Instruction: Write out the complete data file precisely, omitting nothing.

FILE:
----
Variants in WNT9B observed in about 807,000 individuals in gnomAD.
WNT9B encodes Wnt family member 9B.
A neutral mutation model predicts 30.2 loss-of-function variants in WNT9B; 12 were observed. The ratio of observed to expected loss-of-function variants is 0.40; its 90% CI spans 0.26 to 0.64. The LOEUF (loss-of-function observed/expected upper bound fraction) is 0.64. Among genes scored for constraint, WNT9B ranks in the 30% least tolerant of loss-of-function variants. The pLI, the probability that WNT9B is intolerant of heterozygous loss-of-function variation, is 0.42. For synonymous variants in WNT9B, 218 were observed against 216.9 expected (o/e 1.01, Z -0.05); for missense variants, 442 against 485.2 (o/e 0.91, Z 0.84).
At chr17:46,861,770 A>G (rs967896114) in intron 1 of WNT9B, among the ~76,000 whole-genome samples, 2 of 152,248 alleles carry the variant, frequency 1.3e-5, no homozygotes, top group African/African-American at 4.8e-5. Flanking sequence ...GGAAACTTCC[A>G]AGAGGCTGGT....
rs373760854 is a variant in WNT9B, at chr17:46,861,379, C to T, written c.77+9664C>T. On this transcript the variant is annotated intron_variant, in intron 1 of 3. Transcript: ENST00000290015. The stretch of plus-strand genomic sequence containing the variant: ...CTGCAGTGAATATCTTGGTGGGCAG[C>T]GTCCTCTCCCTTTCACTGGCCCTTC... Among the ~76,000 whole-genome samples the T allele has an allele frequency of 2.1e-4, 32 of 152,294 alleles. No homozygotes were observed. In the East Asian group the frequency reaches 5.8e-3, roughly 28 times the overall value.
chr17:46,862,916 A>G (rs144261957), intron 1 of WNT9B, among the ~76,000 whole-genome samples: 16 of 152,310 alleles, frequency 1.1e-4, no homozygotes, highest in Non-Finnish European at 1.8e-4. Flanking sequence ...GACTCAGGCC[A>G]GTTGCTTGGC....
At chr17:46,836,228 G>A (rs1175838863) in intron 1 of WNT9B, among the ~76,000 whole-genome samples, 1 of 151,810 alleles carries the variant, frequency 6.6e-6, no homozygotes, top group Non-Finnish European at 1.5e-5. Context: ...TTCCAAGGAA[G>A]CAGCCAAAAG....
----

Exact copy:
Variants in WNT9B observed in about 807,000 individuals in gnomAD.
WNT9B encodes Wnt family member 9B.
A neutral mutation model predicts 30.2 loss-of-function variants in WNT9B; 12 were observed. The ratio of observed to expected loss-of-function variants is 0.40; its 90% CI spans 0.26 to 0.64. The LOEUF (loss-of-function observed/expected upper bound fraction) is 0.64. Among genes scored for constraint, WNT9B ranks in the 30% least tolerant of loss-of-function variants. The pLI, the probability that WNT9B is intolerant of heterozygous loss-of-function variation, is 0.42. For synonymous variants in WNT9B, 218 were observed against 216.9 expected (o/e 1.01, Z -0.05); for missense variants, 442 against 485.2 (o/e 0.91, Z 0.84).
At chr17:46,861,770 A>G (rs967896114) in intron 1 of WNT9B, among the ~76,000 whole-genome samples, 2 of 152,248 alleles carry the variant, frequency 1.3e-5, no homozygotes, top group African/African-American at 4.8e-5. Flanking sequence ...GGAAACTTCC[A>G]AGAGGCTGGT....
rs373760854 is a variant in WNT9B, at chr17:46,861,379, C to T, written c.77+9664C>T. On this transcript the variant is annotated intron_variant, in intron 1 of 3. Transcript: ENST00000290015. The stretch of plus-strand genomic sequence containing the variant: ...CTGCAGTGAATATCTTGGTGGGCAG[C>T]GTCCTCTCCCTTTCACTGGCCCTTC... Among the ~76,000 whole-genome samples the T allele has an allele frequency of 2.1e-4, 32 of 152,294 alleles. No homozygotes were observed. In the East Asian group the frequency reaches 5.8e-3, roughly 28 times the overall value.
chr17:46,862,916 A>G (rs144261957), intron 1 of WNT9B, among the ~76,000 whole-genome samples: 16 of 152,310 alleles, frequency 1.1e-4, no homozygotes, highest in Non-Finnish European at 1.8e-4. Flanking sequence ...GACTCAGGCC[A>G]GTTGCTTGGC....
At chr17:46,836,228 G>A (rs1175838863) in intron 1 of WNT9B, among the ~76,000 whole-genome samples, 1 of 151,810 alleles carries the variant, frequency 6.6e-6, no homozygotes, top group Non-Finnish European at 1.5e-5. Context: ...TTCCAAGGAA[G>A]CAGCCAAAAG....